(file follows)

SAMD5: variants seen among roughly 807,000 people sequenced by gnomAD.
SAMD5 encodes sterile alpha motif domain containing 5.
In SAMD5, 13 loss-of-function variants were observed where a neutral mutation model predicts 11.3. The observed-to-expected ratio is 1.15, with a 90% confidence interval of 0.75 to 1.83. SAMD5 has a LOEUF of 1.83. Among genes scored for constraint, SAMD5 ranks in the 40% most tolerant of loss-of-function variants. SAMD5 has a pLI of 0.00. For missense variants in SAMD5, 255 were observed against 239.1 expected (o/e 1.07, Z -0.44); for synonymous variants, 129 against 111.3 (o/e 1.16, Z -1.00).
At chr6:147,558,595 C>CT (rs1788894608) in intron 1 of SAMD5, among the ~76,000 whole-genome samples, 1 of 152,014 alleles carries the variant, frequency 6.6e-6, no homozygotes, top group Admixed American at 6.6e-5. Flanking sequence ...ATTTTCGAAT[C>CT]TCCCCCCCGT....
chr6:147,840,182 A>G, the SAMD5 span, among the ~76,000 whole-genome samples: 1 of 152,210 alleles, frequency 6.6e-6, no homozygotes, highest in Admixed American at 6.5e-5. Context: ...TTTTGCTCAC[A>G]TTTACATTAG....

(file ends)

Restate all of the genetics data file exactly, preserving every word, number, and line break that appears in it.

SAMD5: variants seen among roughly 807,000 people sequenced by gnomAD.
SAMD5 encodes sterile alpha motif domain containing 5.
In SAMD5, 13 loss-of-function variants were observed where a neutral mutation model predicts 11.3. The observed-to-expected ratio is 1.15, with a 90% confidence interval of 0.75 to 1.83. SAMD5 has a LOEUF of 1.83. Among genes scored for constraint, SAMD5 ranks in the 40% most tolerant of loss-of-function variants. SAMD5 has a pLI of 0.00. For missense variants in SAMD5, 255 were observed against 239.1 expected (o/e 1.07, Z -0.44); for synonymous variants, 129 against 111.3 (o/e 1.16, Z -1.00).
At chr6:147,558,595 C>CT (rs1788894608) in intron 1 of SAMD5, among the ~76,000 whole-genome samples, 1 of 152,014 alleles carries the variant, frequency 6.6e-6, no homozygotes, top group Admixed American at 6.6e-5. Flanking sequence ...ATTTTCGAAT[C>CT]TCCCCCCCGT....
chr6:147,840,182 A>G, the SAMD5 span, among the ~76,000 whole-genome samples: 1 of 152,210 alleles, frequency 6.6e-6, no homozygotes, highest in Admixed American at 6.5e-5. Context: ...TTTTGCTCAC[A>G]TTTACATTAG....